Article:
January 31, 2017 at 10:00am
Dane Lisser

Faculty presenters highlight Millikin's celebration of Black History Month

Millikin University will commemorate Black History Month by hosting a series of events throughout the month of February.

Black History Month originated in 1926 when historian Carter G. Woodson promoted what was known as "Negro History Week" in an effort to educate people about the accomplishments of African-Americans. In 1976, the celebration was expanded to include the entire month of February, the birth month of Abraham Lincoln and Fredrick Douglass. Black History Month is celebrated to remember important individuals and events in African-American history.

Millikin University's celebration of Black History Month includes a number of presentations hosted by Millikin faculty members. All events are free and open to the public.

Millikin Black History MonthFeb. 2, African Americans and Cardiovascular Disease, Unconscious vs. Conscious Bias

12 noon – 1 p.m. in Richards Treat University Center, Lindsay Schaub Room

Faculty Presenters: Dr. Jo Carter, associate professor of nursing, and John Blakeman, lecturer of nursing

According to the Centers for Disease Control and Prevention, nearly half of African-American women and two in five African-American men experience some form of cardiovascular disease, including stroke, heart attack and heart failure. Among racial groups, black individuals often have some of the poorest cardiovascular outcomes. Several contributors to these poorer outcomes have been identified. Specific strategies for health improvement will be explored, and issues of systemic bias, both conscious and unconscious, will be discussed.

Feb. 6, 42: The Jackie Robinson Story

From 6:30 - 8:30 p.m. in Lower Richards Treat University Center, East Room

Faculty Presenter: Dr. Robert Sampson, adjunct professor of history

Millikin will host a viewing and discussion of the film "42," which deals with Jackie Robinson's integration of modern major league baseball. The film will be preceded by a brief lecture, sitting context and a background on major characters.

Feb. 7, White Like Me – Race, Racism & White Privilege in America

From 6:30 – 8:30 p.m. in Lower Richards Treat University Center, East Room

Faculty Presenter: Dr. Kenneth Laundra, associate professor of sociology

Co-sponsors: sponsored by the Sociology Club and Sigma Lambda Beta

This event will feature excerpts from the film, "White Like Me" by Tim Wise, followed by a discussion on white privilege.

Millikin Black History MonthFeb. 9, Viewing and discussion of RIZE

From 6:30 – 8:30 p.m. in Lower Richards Treat University Center, East Room

Faculty Presenter: Angela Miller, instructor of dance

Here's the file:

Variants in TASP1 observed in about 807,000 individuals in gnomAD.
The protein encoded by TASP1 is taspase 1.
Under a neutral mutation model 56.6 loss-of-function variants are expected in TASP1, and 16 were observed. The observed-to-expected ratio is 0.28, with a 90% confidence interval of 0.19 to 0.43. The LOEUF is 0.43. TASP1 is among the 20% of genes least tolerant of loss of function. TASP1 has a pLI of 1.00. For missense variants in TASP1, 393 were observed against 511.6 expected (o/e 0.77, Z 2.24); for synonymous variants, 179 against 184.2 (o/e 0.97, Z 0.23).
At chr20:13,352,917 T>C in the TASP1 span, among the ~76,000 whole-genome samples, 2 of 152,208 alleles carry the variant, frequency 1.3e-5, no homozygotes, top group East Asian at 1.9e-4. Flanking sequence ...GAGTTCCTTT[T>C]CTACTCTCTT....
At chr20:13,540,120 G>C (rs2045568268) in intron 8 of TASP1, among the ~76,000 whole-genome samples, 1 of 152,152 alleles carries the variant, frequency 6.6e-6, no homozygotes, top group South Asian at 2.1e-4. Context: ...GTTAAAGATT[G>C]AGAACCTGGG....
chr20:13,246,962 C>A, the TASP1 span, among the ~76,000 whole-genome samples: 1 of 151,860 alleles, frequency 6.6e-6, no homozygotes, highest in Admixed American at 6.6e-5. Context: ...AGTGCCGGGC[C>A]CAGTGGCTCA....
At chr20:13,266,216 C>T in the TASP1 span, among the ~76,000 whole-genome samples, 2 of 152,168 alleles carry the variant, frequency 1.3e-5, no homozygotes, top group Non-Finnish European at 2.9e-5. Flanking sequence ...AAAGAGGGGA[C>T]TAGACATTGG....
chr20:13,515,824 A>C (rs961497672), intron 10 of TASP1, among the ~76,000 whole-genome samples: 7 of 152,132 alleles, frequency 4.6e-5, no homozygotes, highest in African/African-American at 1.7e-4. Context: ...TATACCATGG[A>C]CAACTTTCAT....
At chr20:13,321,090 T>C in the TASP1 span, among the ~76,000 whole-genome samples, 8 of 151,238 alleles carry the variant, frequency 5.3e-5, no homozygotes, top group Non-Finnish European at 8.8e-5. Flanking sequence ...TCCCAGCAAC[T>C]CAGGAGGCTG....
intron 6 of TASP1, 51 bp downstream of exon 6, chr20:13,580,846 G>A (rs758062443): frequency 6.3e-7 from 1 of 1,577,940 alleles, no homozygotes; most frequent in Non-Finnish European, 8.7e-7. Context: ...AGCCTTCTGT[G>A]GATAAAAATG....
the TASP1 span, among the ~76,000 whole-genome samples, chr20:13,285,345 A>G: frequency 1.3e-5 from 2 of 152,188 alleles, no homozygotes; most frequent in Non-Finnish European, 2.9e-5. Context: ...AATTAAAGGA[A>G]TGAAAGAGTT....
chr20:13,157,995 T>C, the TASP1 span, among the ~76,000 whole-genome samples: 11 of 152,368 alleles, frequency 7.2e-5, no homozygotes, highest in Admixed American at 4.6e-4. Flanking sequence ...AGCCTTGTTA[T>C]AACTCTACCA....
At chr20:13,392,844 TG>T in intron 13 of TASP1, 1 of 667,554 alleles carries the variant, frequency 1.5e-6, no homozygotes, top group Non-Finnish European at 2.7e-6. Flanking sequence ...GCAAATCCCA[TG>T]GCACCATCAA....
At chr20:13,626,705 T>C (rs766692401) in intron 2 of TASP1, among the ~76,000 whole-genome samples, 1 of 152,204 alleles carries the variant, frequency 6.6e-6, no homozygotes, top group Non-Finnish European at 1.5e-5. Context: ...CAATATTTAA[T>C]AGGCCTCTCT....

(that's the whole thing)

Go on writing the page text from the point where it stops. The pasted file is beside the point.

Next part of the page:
"RIZE" chronicles a dance movement that rises out of South Central Los Angeles with roots in clowning and street youth culture. Taking advantage of unprecedented access, this documentary film brings to first light a revolutionary form of artistic expression borne from oppression. The aggressive and visually stunning dance modernizes moves indigenous to African tribal rituals and features mind-blowing, athletic movement sped up to impossible speeds.

Feb. 13, CSA: The Confederate States of America

From 6 – 8:30 p.m. in Lower Richards Treat University Center, Multipurpose Room

Faculty Presenter: Dr. Scott Lambert, assistant professor of English

"CSA: The Confederate States of America" is a 2004 mockumentary by Kevin Wilmott, a University of Kansas film professor. The film shows an alternate reality in which the Confederate States of America win the Civil War and take over the U.S. The film takes a satirical look at a United States with slavery and uses that satire to look at instances of discrimination that still exist. This presentation will allow students an opportunity to discuss the movie and the relevance to today's society, including some tie-in with current issues in our country and locally.

Feb. 18, UCB Presents: Roderick 'Odd?Rod' Borisade, Slam Poet and Artist

8 p.m.

Einstein's Coffee House, Shilling Hall

Odd?Rod is a poet, author, recording artist and philanthropist raised in Jacksonville, Fla. His tumultuous childhood was a result of his mother's drug addiction and an absent father. School provided solace to Rod and he excelled academically.

Rod received a full scholarship from the Kessler Foundation to attend the University of North Florida (UNF), where he earned a Bachelor of Fine Arts in Graphic Design with a concentration in Multimedia. He took up poetry as an outlet for his troubles and continued the hobby at UNF while hosting open mic sessions for poets and artists.

Millikin Black History Month

After graduating, Rod authored three poetry books: "Simply Put," "Simple Still" and "Visions Thru the P.O.O.R. (Poetry of Odd Rod)." In 2007 he began to organize educational fundraisers to raise awareness of non-profit organizations and in doing so, founded Eric's Life, Inc. in honor of his late brother. In 2009 he became a children's book author and recording artist with the release of the book, "Buddy and Bird" and his CD, "The Art of Plain English."

For more information on Millikin’s celebration of Black History Month, please contact the Millikin Office of Inclusion and Student Engagement at 217.424.6335 or visit millikin.edu/ise.